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Gaia I isolators or Puck76?


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My buddy did a shootout years ago with isolation. He spent 6 months with racks, platforms, lucks and plain Voo doo BS that’s on the market. All the voo doo was worse on everything. Changed the sound for sure, but not for the best. 
 

 The Gio pucks were a nice alternative for a lower cost. The HRS beat out Stillpoints and all the others for best pucks as they also separate for solid cases and folded metal ones. As for platforms, again he lowest prices HRS sounded better for HIM in his system than any of the others. He even used Shun Muk (spelling error). 
 

Most components that have addressed this issue seem to be much less effected by more isolation. My Brinkmann Nyquist ships with its own granite base and Richard uses special footers on his electronics. 
 

As Richard said, folks often just like to change the sound etc.  Part of the fun.  

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Thanks @Richard Vandersteenand @ctsooner.
The wood floor has the low frequency foot fall flexing, so I’ll get an accelerometer if I want to get serious.
In the mean time, I’ll do the cabinet as having stout wooden legs all teh way to the floor.

The Audible Illusions and the Jazz both do not seem like they have a heavy tube sound… (As far as I know).
And  I do not want to move in that direction.

 

12 hours ago, ctsooner said:

The HRS beat out Stillpoints

Pete - What is the acronym HRS?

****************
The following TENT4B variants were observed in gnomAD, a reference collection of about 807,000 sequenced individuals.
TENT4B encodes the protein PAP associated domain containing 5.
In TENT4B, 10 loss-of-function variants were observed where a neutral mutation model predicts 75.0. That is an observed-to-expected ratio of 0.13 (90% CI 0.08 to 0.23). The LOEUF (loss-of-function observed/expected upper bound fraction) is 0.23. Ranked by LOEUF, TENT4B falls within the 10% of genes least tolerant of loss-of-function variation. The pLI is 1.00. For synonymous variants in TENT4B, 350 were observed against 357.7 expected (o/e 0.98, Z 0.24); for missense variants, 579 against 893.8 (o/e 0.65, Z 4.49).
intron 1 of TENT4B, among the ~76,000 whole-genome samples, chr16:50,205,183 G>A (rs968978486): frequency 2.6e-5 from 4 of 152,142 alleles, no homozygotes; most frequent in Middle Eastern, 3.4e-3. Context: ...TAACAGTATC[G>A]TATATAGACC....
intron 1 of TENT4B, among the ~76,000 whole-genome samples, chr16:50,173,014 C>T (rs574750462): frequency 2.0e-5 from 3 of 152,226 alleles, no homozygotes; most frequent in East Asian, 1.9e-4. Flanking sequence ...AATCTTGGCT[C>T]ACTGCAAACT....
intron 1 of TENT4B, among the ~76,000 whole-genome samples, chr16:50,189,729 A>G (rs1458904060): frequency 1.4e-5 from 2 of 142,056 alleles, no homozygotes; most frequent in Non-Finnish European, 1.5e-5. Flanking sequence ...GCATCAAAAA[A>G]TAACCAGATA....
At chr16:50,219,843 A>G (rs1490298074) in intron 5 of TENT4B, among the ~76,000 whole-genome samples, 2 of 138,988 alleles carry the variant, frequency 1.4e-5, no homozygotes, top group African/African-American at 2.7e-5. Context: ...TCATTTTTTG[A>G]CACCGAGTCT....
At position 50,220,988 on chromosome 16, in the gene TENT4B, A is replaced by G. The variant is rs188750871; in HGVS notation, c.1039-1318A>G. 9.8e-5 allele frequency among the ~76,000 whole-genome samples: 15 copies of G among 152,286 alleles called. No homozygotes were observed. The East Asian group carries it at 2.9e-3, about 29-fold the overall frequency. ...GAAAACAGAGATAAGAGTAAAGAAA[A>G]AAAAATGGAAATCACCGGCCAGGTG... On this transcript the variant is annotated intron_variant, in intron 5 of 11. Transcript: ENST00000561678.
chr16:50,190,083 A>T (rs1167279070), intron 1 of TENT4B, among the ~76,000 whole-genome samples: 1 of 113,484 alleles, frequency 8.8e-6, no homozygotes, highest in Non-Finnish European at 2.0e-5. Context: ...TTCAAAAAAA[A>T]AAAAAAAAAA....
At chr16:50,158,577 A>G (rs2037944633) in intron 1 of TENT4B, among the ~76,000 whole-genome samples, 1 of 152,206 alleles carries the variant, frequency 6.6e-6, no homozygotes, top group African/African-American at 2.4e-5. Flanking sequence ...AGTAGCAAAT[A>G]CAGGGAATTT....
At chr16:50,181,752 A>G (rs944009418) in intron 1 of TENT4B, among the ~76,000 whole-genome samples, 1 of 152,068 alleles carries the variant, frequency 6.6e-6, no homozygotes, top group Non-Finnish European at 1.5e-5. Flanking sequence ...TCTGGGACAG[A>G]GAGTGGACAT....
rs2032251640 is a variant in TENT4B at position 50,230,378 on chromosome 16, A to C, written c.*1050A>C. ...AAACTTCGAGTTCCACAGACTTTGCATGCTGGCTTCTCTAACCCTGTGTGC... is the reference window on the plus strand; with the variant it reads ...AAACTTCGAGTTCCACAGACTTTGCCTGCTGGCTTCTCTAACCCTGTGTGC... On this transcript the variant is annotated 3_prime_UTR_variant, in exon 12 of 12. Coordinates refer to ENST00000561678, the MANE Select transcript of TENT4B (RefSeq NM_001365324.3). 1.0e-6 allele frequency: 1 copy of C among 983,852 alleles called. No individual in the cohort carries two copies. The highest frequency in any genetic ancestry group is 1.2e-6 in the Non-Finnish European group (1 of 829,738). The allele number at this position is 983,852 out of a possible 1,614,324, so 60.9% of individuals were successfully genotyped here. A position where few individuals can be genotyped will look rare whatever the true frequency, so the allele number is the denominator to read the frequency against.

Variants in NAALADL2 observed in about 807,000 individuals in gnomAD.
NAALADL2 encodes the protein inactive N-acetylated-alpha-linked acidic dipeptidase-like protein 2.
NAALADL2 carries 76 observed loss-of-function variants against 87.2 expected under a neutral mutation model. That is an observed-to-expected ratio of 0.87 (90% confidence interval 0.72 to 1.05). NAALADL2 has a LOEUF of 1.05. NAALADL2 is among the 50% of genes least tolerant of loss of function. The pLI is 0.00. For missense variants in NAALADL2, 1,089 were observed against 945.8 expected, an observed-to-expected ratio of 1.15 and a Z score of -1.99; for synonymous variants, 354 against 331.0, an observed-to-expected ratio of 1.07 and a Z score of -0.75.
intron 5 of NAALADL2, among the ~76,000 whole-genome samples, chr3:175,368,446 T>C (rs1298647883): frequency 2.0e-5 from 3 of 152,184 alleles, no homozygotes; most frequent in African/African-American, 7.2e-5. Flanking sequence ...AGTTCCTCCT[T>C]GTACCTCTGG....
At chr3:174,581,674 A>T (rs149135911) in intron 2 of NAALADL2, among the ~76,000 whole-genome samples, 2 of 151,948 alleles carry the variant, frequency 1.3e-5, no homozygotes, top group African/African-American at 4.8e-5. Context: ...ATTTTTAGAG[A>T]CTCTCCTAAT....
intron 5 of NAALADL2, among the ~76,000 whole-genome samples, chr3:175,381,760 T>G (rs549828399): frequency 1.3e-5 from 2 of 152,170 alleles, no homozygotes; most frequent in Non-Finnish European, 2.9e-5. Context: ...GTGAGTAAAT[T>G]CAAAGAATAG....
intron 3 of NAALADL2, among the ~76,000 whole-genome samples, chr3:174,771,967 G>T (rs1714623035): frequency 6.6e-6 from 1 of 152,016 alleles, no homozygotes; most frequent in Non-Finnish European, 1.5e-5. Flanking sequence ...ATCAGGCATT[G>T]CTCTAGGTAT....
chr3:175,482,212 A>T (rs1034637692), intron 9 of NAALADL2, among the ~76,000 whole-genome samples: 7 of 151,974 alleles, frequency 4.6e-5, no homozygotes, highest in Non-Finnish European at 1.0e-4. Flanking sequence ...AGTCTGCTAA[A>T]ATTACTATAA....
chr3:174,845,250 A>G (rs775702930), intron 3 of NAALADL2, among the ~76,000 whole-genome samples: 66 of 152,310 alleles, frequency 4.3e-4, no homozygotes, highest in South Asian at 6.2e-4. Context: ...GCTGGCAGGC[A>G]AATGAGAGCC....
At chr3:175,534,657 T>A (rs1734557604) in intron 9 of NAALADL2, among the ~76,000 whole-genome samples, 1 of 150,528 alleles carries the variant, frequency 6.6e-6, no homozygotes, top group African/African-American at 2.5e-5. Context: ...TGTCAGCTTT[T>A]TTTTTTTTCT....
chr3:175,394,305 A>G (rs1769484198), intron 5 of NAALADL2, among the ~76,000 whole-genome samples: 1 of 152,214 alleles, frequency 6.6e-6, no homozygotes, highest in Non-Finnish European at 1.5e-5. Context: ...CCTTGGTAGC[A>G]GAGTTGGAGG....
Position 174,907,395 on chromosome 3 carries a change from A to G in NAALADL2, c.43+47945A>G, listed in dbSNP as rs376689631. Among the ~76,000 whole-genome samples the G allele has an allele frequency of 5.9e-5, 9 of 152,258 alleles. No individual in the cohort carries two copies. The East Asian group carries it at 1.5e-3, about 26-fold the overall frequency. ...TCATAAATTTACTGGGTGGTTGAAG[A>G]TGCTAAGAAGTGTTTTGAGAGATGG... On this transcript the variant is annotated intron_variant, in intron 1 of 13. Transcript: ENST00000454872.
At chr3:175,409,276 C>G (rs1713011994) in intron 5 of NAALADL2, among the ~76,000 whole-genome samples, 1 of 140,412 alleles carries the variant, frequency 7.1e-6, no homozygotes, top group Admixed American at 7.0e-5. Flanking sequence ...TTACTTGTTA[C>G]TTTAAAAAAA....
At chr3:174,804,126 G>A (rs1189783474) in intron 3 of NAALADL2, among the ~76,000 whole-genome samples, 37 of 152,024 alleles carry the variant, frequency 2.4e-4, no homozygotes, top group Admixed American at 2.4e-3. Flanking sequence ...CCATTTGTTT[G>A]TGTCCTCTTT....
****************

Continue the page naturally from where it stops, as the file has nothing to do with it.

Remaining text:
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20 hours ago, ctsooner said:

Most components that have addressed this issue seem to be much less effected by more isolation. My Brinkmann Nyquist ships with its own granite base and Richard uses special footers on his electronics. 

It certainly is great for the home user when the manufacturer has done the R&D and execution for proper isolation of the equipment.  It’s probably also good for the manufacturer, since they then have a better chance for their products to sound as designed in a customer’s home.

That goes for both mechanical/acoustical isolation as well as electrical isolation.

My own opinion is that a big part of why so many of the measurements we read in reviews and specifications are not entirely helpful or fulfilling.  Most of the gear is tested with a measurement system that does a really good job of providing its own electrical isolation.  Audio Precision is masterful at this.  Their products have great common mode signal rejection at both the input and output, as well as through the common AC mains connection.  This minimizes the effect the test gear has on the device under test.

Unfortunately, in a real system those conditions don’t exist.  If all audio gear had great isolation at its own inputs and outputs, Audio Precision wouldn’t have to provide that in its test gear.  So, the component performance is not always what the test suggests - certainly not in every case.  Maybe not even in the majority of cases.  It’s a home experiment of the Heisenberg uncertainty principle.

On top of that, I have never seen a review measurement where the device being tested is subjected to acoustic energy like what comes out of loudspeakers.  Isn’t that an important test condition?